This is an archived article that was published on in 2004, and information in the article may be outdated. It is provided only for personal research purposes and may not be reprinted.

Most Mormons today think of LDS Apostle David B. Haight as an old man who gave spontaneous sermons because he could no longer read his notes.

Even Haight joked about his age, saying to his fellow apostles, "Stand aside - here comes the old guy."

But at his funeral on Thursday, the image of a vigorous, young David Haight emerged. There were folksy tales of his growing up in Oakley, Idaho, his baptism in a canal at age 8, the famous football loss by Oakley High School to Idaho Falls (106-6), and meeting his future wife, Ruby, at a dance while on a date with someone else. There was talk of commanding an LOD - Large Oak Desk - during World War II and becoming a successful salesman and eventually mayor of Palo Alto, Calif.

In more serious tones, LDS Church President Gordon B. Hinckley, his two counselors in the First Presidency, Apostle Boyd K. Packer, Haight's son Robert and son-in-law Jon Huntsman Sr., described Haight's willingness to take on the role of LDS apostle and witness for Jesus Christ - and his brush with death in 1989.

Photo Gallery

Haight died Saturday at 97. He was the oldest man ever to serve as an apostle in The Church of Jesus Christ of Latter-day Saints. More than 3,000 LDS faithful as well as political leaders such as U.S. Sens. Orrin Hatch and Bob Bennett attended the funeral in the LDS Tabernacle on Temple Square in Salt Lake City.

Haight was the second member of the church's Quorum of Twelve Apostles to die within 10 days. Apostle Neal A. Maxwell's funeral was held in the Tabernacle on July 27.

"I know it's warm in the Tabernacle," Hinckley told the sweltering mourners as they fanned themselves with their programs. "I'd like to suggest to the keeper of heavenly invitations that there be a deferment to a cooler season."

James E. Faust, second counselor in the church's governing First Presidency, said the two deaths so close together have taken a toll on the Quorum, whose members are seated in order of seniority in a stately row of red chairs in the Tabernacle.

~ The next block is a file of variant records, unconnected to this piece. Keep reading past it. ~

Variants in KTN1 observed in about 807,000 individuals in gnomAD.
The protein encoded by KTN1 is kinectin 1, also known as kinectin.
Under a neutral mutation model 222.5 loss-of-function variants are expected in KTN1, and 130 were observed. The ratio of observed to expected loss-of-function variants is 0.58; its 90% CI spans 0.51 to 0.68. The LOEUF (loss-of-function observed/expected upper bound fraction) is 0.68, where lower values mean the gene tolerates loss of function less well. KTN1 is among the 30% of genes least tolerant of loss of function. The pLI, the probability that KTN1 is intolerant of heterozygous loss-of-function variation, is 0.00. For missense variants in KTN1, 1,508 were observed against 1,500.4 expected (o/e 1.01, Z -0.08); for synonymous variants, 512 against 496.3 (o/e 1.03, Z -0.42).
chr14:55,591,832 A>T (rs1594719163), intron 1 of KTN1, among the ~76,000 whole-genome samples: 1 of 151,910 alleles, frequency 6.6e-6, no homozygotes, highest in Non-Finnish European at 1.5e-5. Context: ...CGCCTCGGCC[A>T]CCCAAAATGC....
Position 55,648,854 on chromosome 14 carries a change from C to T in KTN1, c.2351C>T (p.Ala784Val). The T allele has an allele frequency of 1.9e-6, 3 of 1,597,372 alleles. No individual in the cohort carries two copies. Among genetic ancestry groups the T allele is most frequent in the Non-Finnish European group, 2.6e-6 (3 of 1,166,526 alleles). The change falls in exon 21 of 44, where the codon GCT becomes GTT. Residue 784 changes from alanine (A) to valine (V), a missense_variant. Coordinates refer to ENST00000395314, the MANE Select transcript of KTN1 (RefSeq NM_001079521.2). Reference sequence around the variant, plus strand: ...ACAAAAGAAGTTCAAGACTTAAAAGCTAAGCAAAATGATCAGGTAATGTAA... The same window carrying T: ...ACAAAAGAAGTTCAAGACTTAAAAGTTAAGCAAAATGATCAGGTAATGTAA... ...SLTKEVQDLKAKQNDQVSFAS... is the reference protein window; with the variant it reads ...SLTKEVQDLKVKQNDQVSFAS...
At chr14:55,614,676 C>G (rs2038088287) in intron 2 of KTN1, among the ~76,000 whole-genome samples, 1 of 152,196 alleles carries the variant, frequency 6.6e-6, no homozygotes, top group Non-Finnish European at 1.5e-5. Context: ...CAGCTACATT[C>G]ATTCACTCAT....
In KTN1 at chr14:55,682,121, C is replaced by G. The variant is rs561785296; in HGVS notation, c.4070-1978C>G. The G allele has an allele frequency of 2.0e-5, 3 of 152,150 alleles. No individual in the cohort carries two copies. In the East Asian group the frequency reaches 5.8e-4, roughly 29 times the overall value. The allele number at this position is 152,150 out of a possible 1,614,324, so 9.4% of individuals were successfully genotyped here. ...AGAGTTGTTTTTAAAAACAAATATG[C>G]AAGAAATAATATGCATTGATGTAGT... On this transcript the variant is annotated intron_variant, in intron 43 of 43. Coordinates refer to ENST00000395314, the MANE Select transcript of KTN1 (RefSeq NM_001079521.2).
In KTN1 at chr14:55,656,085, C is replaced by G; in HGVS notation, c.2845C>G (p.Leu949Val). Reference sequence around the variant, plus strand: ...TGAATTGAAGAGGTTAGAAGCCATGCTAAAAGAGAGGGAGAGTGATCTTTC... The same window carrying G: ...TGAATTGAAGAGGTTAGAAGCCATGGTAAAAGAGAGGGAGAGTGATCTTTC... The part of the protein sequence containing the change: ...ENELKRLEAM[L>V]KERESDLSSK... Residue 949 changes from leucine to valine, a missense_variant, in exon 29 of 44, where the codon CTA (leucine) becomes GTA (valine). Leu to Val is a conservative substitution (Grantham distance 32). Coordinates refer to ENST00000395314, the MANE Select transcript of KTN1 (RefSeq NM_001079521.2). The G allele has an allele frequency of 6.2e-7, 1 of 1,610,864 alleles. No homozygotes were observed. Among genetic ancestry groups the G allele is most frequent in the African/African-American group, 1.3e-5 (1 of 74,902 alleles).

"It has been one of the most profound blessings of my life to sit between Elder Maxwell and Elder Haight," Faust said in an emotional speech. "I sat between them for 14 years, then they sat side by side."

To lose both "is a great personal loss for me," Faust said.

Huntsman described the last time the two apostles were together:

Maxwell said, "I'd rather be on the starting lineup on the other side than sitting on the bench here."

Haight replied, "So would I."

Such playfulness came naturally to his father-in-law, Huntsman said. Just a month ago, Haight said of the billionaire philanthropist, "I'm still waiting for my son-in-law to amount to something."

Huntsman said he adored Haight. "He was a common man, who taught in simple terms."

That could be due in part to his rustic Idaho upbringing.

He never tired of telling the apostles "Oakley stories" and they never tired of hearing them, Faust said.

Losing his father at 9 and then suffering the deprivation of a family of 10 with a widowed mother taught him compassion for suffering of any kind.

"He did his best work among the people," Faust said. "The length and breadth of his mission may never be calculated. It is too large."

Haight's passing left Hinckley with "a deep and somber feeling of loneliness," the 94-year-old leader said. "He was the eldest among us and I felt I had an older brother to whom I could look. Now he is gone. I am left as the oldest by seven years."

Alluding to the death of his wife, Marjorie, in April as well as the two apostles, Hinckley said, "I feel I have known much of death in recent times. It has been an interesting, sanctifying experience that has brought me a whole new perspective on life."

Hinckley then recounted the story of Haight's aortic aneurysm in 1989. He was called to the hospital and found Haight lying unconscious on a gurney. Hinckley, considered a "prophet, seer and revelator" by the 12 million Mormons, gave the apostle a healing blessing in which he promised that Haight's life would be spared because he had more work to do.

Haight later told the apostles that while he was unconscious, he felt he was in the presence of "holy personages" who assured him of the goodness of Jesus Christ's ministry among humankind.

When he awoke, Haight told his colleagues in the Quorum, he was determined to continue testifying of Jesus as long as he was able. And that was 15 more years.

"There was nothing of self-righteousness or arrogance in the man," Hinckley said. "How we will miss his sound judgment, his wise counsel, rich humor and, most of all, his stirring testimony."

In a breaking voice, Hinckley said, "So, my dear brother, farewell - for a season."